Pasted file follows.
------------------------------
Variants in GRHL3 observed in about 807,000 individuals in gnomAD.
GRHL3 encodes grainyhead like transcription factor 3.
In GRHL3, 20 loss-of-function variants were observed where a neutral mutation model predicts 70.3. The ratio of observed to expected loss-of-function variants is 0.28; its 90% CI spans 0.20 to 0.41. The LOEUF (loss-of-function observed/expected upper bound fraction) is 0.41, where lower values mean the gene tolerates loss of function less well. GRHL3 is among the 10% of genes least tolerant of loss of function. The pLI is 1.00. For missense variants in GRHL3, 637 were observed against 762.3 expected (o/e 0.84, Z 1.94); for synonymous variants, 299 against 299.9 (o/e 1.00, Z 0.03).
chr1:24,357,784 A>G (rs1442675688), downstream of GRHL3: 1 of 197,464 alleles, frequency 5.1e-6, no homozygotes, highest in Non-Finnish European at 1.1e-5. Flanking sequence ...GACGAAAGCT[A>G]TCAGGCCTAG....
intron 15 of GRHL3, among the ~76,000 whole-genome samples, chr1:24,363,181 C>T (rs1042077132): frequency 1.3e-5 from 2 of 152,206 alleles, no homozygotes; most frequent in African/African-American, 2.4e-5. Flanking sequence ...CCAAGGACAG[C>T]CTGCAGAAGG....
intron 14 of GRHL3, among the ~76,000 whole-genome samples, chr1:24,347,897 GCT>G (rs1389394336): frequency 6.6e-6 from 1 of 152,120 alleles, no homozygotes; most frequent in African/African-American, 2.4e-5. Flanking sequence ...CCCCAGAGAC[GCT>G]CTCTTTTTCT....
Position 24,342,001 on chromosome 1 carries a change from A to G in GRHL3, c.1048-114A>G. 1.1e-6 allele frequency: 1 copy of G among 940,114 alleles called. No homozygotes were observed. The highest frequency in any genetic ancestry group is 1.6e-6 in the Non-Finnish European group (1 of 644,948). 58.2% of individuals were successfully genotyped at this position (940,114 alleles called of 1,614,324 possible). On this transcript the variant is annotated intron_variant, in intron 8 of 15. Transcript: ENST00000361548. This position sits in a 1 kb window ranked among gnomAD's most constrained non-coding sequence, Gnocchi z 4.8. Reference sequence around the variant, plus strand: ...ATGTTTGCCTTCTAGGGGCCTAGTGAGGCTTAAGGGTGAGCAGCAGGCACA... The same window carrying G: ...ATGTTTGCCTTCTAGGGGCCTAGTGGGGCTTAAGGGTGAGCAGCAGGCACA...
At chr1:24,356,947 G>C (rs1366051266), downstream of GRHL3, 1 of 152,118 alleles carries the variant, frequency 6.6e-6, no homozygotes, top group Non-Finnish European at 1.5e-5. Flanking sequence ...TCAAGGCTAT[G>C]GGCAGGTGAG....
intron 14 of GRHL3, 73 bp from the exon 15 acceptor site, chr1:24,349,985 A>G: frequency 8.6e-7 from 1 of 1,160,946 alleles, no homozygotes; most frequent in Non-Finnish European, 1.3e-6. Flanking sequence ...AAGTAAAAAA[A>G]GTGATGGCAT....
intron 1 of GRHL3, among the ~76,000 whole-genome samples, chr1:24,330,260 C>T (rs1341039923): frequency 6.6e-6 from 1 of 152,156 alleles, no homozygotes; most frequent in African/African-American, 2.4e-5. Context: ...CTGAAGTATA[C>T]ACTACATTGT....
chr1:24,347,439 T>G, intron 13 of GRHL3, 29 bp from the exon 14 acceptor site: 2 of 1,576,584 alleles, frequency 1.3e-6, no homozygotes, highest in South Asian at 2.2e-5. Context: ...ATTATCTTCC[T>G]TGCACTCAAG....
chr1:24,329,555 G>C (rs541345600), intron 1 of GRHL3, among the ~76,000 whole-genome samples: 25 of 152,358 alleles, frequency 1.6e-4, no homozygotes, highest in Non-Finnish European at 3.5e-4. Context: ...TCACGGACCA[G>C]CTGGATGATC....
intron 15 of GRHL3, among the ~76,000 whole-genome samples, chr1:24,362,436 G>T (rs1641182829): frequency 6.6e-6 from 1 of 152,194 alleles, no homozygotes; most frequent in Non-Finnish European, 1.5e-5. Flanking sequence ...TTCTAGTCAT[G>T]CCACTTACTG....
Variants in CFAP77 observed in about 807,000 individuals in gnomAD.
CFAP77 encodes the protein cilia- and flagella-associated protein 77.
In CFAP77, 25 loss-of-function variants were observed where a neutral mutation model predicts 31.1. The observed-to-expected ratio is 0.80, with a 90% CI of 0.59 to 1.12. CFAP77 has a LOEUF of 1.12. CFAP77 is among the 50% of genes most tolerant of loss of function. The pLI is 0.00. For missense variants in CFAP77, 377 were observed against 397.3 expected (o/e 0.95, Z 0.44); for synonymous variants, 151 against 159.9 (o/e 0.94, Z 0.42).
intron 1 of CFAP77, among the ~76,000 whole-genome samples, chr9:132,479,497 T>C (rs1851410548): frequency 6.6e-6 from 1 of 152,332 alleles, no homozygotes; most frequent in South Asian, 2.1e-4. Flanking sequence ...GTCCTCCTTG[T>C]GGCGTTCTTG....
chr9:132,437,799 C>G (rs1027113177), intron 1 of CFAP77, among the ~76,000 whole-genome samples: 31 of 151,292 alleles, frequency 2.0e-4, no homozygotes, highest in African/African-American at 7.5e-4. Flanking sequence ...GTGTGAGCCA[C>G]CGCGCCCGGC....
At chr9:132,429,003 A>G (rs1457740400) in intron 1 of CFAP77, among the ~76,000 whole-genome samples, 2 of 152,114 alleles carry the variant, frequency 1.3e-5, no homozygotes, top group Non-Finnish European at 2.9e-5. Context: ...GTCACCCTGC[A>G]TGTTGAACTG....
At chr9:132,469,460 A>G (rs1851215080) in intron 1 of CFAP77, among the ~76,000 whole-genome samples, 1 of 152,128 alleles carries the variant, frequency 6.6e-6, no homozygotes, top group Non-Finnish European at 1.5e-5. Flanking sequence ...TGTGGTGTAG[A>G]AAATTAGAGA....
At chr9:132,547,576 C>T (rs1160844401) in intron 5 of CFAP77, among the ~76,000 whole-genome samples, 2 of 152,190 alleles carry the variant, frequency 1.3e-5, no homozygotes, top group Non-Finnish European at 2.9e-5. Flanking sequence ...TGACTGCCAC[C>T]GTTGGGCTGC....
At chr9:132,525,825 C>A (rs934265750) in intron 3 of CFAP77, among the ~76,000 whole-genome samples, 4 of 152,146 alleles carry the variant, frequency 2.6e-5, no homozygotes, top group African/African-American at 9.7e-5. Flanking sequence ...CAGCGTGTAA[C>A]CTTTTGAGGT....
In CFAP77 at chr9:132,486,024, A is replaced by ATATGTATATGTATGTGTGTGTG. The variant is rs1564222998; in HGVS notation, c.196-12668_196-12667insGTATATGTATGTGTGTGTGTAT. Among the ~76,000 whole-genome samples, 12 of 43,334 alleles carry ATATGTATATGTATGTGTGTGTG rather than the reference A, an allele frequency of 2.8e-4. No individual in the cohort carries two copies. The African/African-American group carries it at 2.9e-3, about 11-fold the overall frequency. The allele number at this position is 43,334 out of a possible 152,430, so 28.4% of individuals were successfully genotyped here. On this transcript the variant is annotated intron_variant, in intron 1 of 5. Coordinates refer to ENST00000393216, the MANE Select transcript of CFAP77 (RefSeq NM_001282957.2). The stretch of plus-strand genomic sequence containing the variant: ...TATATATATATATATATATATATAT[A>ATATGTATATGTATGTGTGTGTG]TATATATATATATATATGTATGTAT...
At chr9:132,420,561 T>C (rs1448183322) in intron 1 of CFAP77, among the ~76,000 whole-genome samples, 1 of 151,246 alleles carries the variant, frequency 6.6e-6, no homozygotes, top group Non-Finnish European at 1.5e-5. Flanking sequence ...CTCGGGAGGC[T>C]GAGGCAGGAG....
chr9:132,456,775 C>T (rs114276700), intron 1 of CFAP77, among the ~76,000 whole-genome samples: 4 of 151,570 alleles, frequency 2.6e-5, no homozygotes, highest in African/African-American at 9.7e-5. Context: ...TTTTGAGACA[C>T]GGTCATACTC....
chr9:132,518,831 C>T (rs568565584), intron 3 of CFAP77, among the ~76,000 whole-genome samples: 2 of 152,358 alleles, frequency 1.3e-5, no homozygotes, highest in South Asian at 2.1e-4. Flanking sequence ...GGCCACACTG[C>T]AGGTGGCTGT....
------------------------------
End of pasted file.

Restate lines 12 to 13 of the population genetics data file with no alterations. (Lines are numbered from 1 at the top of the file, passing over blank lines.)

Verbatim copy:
chr1:24,329,555 G>C (rs541345600), intron 1 of GRHL3, among the ~76,000 whole-genome samples: 25 of 152,358 alleles, frequency 1.6e-4, no homozygotes, highest in Non-Finnish European at 3.5e-4. Context: ...TCACGGACCA[G>C]CTGGATGATC....
intron 15 of GRHL3, among the ~76,000 whole-genome samples, chr1:24,362,436 G>T (rs1641182829): frequency 6.6e-6 from 1 of 152,194 alleles, no homozygotes; most frequent in Non-Finnish European, 1.5e-5. Flanking sequence ...TTCTAGTCAT[G>T]CCACTTACTG....